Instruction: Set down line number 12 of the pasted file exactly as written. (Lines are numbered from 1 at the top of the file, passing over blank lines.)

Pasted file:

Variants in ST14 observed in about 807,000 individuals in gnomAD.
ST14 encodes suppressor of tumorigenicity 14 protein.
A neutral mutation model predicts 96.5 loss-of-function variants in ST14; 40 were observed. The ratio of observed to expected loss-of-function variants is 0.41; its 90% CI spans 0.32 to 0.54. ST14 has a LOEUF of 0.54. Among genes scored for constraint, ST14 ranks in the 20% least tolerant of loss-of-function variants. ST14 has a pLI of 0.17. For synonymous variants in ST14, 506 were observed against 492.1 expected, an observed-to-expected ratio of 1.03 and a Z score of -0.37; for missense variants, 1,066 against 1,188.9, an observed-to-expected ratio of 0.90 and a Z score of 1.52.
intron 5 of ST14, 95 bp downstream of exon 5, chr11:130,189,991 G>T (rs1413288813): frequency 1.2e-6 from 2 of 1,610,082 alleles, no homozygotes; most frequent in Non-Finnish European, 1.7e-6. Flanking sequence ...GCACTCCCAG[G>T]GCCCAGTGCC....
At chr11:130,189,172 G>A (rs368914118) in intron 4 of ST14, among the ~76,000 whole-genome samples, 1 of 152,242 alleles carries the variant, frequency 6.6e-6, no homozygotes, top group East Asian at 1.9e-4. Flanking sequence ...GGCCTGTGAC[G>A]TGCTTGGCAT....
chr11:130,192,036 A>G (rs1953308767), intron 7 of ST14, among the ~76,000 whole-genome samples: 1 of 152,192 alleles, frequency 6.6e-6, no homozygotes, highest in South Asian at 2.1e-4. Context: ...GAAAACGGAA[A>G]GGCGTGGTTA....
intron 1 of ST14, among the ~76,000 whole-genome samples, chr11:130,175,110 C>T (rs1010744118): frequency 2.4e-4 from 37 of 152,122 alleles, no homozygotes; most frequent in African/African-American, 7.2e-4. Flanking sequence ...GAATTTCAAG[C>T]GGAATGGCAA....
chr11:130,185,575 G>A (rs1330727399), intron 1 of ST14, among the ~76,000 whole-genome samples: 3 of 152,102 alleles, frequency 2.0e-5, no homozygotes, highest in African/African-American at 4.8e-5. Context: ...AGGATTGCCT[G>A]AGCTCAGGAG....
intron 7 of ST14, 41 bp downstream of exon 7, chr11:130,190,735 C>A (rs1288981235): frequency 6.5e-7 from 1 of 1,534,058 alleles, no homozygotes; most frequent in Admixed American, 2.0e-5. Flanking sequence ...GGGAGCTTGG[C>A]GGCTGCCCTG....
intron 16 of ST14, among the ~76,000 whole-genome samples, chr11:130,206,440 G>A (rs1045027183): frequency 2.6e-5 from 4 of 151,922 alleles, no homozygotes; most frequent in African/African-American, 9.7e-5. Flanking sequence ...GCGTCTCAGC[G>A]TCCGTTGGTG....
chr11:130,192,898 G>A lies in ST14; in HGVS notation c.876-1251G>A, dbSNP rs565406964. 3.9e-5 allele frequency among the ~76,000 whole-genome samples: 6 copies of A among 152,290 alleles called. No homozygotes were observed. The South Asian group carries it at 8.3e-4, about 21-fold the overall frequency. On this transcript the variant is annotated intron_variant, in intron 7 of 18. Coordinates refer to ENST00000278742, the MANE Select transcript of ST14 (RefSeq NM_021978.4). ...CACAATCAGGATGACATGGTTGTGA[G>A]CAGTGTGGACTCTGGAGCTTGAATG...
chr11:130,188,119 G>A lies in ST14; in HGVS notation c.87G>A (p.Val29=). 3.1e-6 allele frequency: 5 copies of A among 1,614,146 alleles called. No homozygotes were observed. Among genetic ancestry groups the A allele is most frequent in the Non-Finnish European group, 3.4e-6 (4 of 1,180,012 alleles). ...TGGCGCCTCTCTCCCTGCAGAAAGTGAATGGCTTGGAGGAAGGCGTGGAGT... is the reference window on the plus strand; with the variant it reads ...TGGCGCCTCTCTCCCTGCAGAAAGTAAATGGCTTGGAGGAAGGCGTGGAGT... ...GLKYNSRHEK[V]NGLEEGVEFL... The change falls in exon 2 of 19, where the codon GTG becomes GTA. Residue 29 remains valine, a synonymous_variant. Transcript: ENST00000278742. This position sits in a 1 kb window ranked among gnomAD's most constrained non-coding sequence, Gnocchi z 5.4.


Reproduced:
chr11:130,188,119 G>A lies in ST14; in HGVS notation c.87G>A (p.Val29=). 3.1e-6 allele frequency: 5 copies of A among 1,614,146 alleles called. No homozygotes were observed. Among genetic ancestry groups the A allele is most frequent in the Non-Finnish European group, 3.4e-6 (4 of 1,180,012 alleles). ...TGGCGCCTCTCTCCCTGCAGAAAGTGAATGGCTTGGAGGAAGGCGTGGAGT... is the reference window on the plus strand; with the variant it reads ...TGGCGCCTCTCTCCCTGCAGAAAGTAAATGGCTTGGAGGAAGGCGTGGAGT... ...GLKYNSRHEK[V]NGLEEGVEFL... The change falls in exon 2 of 19, where the codon GTG becomes GTA. Residue 29 remains valine, a synonymous_variant. Transcript: ENST00000278742. This position sits in a 1 kb window ranked among gnomAD's most constrained non-coding sequence, Gnocchi z 5.4.